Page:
On the conventionalization of mouth actions in Australian sign language

Trevor Johnston, Jane van Roekel, Adam Schembri

Research output: Contribution to journalArticlepeer-review

13 Citations (Scopus)


This study investigates the conventionalization of mouth actions in Australian Sign Language. Signed languages were once thought of as simply manual languages because the hands produce the signs which individually and in groups are the symbolic units most easily equated with the words, phrases and clauses of spoken languages. However, it has long been acknowledged that non-manual activity, such as movements of the body, head and the face play a very important role. In this context, mouth actions that occur while communicating in signed languages have posed a number of questions for linguists: are the silent mouthings of spoken language words simply borrowings from the respective majority community spoken language(s)? Are those mouth actions that are not silent mouthings of spoken words conventionalized linguistic units proper to each signed language, culturally linked semi-conventional gestural units shared by signers with members of the majority speaking community, or even gestures and expressions common to all humans? We use a corpus-based approach to gather evidence of the extent of the use of mouth actions in naturalistic Australian Sign Language–making comparisons with other signed languages where data is available–and the form/meaning pairings that these mouth actions instantiate.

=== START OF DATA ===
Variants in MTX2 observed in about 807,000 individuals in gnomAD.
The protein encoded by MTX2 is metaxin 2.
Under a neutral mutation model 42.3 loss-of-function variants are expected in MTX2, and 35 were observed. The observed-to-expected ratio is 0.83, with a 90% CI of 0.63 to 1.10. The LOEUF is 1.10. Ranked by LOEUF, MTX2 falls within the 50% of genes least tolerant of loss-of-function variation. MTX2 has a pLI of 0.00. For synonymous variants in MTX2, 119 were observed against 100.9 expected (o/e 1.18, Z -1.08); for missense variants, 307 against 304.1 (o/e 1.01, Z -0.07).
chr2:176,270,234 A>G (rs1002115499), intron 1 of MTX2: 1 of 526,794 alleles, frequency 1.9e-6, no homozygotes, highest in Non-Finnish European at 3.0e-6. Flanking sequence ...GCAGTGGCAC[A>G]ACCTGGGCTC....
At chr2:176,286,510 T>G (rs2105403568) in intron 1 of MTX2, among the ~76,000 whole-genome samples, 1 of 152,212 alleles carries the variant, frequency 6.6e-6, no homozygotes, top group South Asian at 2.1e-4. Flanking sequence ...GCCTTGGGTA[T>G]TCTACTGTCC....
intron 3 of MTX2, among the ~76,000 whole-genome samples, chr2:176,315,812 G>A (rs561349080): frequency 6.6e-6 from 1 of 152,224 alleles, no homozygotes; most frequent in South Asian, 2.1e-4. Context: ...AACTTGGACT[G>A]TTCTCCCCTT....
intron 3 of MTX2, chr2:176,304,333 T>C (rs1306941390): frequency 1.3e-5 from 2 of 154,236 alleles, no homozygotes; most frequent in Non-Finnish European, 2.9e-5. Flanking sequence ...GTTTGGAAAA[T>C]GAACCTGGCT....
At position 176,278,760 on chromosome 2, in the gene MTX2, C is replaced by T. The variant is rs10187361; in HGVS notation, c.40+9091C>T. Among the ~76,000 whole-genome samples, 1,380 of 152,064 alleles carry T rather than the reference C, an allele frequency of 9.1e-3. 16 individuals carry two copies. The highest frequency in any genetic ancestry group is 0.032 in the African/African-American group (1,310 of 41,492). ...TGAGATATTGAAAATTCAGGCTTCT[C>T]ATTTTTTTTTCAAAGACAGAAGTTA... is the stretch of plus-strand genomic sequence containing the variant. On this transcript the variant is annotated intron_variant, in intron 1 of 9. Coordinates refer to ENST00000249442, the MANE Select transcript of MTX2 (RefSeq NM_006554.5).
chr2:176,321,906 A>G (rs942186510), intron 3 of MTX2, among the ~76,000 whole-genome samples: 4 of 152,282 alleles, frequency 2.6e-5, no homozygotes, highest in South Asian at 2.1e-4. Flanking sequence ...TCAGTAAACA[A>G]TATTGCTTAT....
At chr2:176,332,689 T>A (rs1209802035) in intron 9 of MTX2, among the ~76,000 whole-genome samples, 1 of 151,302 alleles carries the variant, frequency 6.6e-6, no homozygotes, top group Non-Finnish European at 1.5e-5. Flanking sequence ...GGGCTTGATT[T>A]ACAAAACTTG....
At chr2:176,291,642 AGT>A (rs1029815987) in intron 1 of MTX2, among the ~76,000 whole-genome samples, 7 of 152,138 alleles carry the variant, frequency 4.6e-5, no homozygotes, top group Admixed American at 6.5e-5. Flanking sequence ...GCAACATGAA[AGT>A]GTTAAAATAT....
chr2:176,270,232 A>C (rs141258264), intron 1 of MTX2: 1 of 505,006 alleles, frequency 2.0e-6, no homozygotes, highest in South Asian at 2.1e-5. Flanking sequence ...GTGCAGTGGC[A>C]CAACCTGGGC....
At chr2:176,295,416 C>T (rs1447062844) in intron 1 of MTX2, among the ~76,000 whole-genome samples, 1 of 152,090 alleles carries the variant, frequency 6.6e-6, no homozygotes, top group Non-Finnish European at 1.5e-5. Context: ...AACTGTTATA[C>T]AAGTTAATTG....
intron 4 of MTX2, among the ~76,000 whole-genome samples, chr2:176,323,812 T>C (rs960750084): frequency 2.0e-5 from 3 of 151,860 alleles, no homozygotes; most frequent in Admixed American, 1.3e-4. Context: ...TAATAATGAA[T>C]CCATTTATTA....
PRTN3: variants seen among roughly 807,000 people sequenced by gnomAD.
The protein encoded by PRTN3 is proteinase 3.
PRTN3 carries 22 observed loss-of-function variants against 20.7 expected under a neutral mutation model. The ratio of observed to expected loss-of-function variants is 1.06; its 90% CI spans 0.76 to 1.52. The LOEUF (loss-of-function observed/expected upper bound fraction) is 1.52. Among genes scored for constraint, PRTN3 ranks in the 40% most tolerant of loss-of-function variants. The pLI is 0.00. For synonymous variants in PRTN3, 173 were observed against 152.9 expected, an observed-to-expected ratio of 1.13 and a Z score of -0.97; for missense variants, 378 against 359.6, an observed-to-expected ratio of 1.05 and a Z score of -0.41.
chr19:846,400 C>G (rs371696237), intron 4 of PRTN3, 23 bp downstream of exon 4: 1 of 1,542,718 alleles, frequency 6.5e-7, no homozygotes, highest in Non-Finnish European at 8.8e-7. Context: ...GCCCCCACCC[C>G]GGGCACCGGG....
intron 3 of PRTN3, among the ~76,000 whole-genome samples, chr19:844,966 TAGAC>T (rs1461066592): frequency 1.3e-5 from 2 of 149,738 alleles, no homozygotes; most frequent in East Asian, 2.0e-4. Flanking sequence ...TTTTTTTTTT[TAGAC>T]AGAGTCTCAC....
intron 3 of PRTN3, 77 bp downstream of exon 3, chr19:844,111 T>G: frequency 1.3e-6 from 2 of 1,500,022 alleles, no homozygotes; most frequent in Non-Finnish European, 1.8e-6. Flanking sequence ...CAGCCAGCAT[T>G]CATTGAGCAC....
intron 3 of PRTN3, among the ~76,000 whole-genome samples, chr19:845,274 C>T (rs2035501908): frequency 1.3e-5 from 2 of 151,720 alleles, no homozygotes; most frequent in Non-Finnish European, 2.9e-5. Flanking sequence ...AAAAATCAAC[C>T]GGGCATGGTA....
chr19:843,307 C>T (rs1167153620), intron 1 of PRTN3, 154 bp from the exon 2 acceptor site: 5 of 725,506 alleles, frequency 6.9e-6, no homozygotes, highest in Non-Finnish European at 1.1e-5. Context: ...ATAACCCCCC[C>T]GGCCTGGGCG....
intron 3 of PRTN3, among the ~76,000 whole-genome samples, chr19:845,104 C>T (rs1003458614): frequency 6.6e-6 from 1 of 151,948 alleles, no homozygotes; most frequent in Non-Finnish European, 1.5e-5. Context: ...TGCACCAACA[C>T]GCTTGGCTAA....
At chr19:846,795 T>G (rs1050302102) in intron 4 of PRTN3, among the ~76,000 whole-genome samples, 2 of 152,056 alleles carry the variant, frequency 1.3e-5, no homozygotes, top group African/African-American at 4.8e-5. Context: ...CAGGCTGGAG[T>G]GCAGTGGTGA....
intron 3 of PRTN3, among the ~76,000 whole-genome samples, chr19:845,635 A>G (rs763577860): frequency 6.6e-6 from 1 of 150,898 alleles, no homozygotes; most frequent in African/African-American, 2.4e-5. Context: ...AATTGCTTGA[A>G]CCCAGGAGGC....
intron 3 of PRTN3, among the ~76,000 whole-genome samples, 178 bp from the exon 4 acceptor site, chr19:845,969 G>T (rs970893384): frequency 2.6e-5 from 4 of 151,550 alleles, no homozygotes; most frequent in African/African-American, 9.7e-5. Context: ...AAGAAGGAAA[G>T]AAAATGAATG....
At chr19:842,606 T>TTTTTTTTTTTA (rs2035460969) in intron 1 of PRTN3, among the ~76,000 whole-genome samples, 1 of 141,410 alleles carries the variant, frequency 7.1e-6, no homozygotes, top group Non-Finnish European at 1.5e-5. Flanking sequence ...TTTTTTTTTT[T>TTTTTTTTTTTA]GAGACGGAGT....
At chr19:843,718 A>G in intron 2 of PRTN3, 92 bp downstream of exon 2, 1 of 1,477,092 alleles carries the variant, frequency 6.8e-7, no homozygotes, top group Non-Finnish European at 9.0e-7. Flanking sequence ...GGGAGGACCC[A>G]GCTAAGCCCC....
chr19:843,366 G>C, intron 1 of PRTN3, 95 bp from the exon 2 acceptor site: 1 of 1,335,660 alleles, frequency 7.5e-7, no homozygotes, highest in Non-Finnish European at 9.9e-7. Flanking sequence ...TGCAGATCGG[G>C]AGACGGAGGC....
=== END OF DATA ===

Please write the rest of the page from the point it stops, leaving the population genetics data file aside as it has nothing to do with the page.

Original languageEnglish
Pages (from-to)3-42
Number of pages40
JournalLanguage and Speech
Issue number1
Early online date22 Feb 2015
Publication statusPublished - 1 Mar 2016


  • Mouthings
  • mouth gestures
  • non-manuals
  • constructed action
  • Auslan

ASJC Scopus subject areas

  • Language and Linguistics
  • Sociology and Political Science
  • Linguistics and Language
  • Speech and Hearing


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